Community Papers

Easy fix to FASD?

Dr. Kwadwo Asante, medical director at The Asante Centre in Maple Ridge, which specializes in treating FASD.  - The News/Files
Dr. Kwadwo Asante, medical director at The Asante Centre in Maple Ridge, which specializes in treating FASD.
— image credit: The News/Files

A Maple Ridge pioneer in the treatment and diagnosis of the condition has an idea that could stop FASD in its tracks.

Take the women who are at risk of drinking while pregnant, women with no help or no money, take those women under the arm and house them in a nice hotel or apartment.

Feed them.

Clothe them.

Counsel them.

Comfort them.

Keep them occupied and away from the bottle. Help them get started, at least temporarily, on a new life.

“Lavish her with care for the nine months for the pregnancy,” says Dr. Kwadwo Asante, medical director at The Asante Centre in Maple Ridge.

“It’s expensive, from the beginning, up-front,” he says.

“What happens now? The cost is horrendous.”

Helping expecting moms abstain from alcohol is far cheaper than treating fetal-alcohol affected children for lifelong disabilities. It’s cheaper than the lengthy, never-ending health-care costs that involve diagnosing the condition, treating language delays, learning disabilities, vision and hearing problems, treating attention deficit disorder, caring for later substance-abuse issues, to which FAS kids are prone, and paying for prison and court costs and the overall costs to society of people who don’t realize their potential.

Asante offers the suggestions and remembers the plight of a single mom he treated in Haines Junction in the Yukon during his 30 years serving the remote northern communities.

Someone gave the expecting mom a book on how to raise her baby, at a time the woman was just enduring a lonely existence in a bare apartment. All she needed was a place to call home, he recalls.

She started drinking.

“No mother really wants to harm the unborn baby,” says Asante.

After a career of leading the way in treating and diagnosis and raising awareness about FAS, Asante recognizes that prevention of the condition isn’t a simple thing with one solution.

He still favours putting warning labels on booze bottles, as is done in the U.S., but notes that’s just one part of a solution.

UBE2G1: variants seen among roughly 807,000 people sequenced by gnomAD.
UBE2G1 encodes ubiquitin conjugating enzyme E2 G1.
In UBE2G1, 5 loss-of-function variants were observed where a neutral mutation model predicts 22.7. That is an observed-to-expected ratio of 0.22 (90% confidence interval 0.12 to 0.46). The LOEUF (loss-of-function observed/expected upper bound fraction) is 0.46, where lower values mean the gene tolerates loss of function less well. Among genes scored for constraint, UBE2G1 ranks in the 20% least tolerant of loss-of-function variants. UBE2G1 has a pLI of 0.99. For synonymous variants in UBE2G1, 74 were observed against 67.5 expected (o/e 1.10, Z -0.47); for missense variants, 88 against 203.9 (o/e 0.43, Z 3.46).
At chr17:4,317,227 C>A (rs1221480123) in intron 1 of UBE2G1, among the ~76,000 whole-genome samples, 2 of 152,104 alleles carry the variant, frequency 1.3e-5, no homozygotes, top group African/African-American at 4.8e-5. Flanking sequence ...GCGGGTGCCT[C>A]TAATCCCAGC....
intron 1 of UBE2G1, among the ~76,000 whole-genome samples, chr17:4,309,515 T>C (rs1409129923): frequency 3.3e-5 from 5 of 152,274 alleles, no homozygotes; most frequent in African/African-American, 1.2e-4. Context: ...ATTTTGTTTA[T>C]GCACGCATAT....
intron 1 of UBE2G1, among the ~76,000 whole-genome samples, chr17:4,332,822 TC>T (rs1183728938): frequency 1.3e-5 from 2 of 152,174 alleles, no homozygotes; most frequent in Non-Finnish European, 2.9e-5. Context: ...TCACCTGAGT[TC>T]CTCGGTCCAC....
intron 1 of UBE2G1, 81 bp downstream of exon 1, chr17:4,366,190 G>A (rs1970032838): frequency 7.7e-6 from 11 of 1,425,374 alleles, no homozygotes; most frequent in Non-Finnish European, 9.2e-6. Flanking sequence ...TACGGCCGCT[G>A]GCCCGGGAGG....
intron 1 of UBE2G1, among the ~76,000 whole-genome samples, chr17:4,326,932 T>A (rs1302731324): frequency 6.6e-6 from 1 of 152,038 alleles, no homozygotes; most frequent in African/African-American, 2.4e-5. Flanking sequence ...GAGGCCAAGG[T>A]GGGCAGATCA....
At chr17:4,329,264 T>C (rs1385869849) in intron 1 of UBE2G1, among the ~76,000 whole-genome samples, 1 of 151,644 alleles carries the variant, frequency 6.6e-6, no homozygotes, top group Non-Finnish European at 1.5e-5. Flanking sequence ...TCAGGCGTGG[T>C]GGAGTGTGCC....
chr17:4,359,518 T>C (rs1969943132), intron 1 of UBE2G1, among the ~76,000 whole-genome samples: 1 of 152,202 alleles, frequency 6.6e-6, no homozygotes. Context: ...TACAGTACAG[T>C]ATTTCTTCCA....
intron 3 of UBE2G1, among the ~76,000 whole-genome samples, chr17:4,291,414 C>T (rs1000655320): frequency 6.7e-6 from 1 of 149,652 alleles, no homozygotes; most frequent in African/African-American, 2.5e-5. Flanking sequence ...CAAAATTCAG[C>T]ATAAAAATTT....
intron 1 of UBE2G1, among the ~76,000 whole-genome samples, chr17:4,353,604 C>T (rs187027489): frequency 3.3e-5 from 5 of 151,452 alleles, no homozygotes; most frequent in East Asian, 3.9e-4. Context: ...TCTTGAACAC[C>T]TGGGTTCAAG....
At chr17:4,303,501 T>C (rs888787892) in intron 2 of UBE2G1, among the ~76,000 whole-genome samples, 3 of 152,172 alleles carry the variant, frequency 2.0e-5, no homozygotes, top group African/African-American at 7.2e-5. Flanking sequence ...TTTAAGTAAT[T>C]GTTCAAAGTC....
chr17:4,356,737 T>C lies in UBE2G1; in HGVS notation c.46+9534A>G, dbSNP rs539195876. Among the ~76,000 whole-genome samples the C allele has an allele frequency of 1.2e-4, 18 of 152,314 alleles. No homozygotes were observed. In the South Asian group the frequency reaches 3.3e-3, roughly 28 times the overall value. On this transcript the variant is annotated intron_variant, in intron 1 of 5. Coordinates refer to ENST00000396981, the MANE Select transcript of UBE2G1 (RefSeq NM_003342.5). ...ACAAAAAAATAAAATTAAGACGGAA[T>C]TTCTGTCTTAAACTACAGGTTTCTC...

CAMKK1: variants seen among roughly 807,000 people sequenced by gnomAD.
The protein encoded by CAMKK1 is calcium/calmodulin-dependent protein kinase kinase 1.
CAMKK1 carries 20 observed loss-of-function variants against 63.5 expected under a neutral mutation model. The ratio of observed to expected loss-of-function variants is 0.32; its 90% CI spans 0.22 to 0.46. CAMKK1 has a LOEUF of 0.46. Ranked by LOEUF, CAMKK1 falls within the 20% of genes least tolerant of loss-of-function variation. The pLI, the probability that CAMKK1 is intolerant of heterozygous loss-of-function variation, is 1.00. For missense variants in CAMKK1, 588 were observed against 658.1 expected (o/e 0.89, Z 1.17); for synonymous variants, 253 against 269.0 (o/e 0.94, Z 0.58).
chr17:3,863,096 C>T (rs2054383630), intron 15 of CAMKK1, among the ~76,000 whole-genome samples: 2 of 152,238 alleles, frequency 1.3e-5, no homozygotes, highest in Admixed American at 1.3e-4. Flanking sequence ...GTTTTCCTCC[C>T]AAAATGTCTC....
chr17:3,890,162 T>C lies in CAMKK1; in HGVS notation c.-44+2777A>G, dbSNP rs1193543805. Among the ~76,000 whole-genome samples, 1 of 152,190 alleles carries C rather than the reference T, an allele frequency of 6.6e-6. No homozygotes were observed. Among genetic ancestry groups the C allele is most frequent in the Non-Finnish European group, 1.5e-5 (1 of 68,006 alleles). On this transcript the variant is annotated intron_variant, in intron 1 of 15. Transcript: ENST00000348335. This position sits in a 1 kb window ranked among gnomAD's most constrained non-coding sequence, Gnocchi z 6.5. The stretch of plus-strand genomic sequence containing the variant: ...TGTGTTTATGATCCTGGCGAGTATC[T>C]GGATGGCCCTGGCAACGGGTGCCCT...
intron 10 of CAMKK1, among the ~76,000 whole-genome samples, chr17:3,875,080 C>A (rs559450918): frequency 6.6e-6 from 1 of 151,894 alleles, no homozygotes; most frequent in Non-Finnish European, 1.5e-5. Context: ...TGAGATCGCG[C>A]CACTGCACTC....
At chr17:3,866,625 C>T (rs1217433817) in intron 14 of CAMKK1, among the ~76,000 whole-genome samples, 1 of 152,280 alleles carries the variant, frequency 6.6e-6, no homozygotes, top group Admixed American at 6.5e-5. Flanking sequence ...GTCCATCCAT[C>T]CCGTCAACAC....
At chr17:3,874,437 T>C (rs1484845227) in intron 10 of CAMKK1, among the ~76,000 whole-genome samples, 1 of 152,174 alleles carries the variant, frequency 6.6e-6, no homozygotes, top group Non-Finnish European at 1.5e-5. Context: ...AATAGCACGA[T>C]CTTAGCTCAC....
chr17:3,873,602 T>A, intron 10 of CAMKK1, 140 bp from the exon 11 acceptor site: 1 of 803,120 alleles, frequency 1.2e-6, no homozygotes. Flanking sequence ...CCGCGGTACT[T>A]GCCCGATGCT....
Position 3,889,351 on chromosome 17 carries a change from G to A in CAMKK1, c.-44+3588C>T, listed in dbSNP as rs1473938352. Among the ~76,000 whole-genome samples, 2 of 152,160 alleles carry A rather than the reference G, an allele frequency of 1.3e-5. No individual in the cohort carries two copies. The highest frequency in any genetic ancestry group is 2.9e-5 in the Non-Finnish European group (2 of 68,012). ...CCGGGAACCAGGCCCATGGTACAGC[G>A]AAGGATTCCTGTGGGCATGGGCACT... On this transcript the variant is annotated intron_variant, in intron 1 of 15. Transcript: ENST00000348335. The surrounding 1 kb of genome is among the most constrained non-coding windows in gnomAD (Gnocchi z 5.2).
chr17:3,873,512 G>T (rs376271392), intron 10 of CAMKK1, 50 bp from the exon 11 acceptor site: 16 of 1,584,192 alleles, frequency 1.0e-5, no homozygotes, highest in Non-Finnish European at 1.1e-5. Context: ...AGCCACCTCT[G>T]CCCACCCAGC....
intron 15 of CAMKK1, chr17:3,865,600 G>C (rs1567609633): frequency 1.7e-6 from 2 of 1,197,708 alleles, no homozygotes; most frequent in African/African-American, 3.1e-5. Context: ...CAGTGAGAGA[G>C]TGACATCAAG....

Often people don’t read the labels.

Asante said the centre confirms about 70 FASD cases a year.

Assessments are also done in New Westminster, Abbotsford and B.C. Children’s Hospital while education is improving awareness of the condition.

He’d also like more education and awareness taught in the health-care system. And many in the general public still aren’t aware.

Over the years, he’s become more aware of the power of addictions, the difficulty of substance abuse. People drink for a variety of reasons.

“Many are poor and they drink to drown their misfortunes.

“They can’t quit,” he says.

“This is where the community and family support comes in.”

Still, the message is slowly sinking that drinking heavily while pregnant will harm the child.

Now it’s matter of getting the message out that no amount of alcohol is safe. You wouldn’t serve your six-month-old baby alcohol, Asante said.

As a result, the frequency of full spectrum FASD, which results in facial abnormalities or mental retardation is also declining.

“But we are still getting children with brain injuries who are not easily diagnosed.”

Asante says the health-care system is now dealing with moms who drink and do drugs, making diagnosis even more complex and difficult.

Alcohol, though, because of its solubility in the body and the brain, is still the most damaging.

“Alcohol is the worst.”

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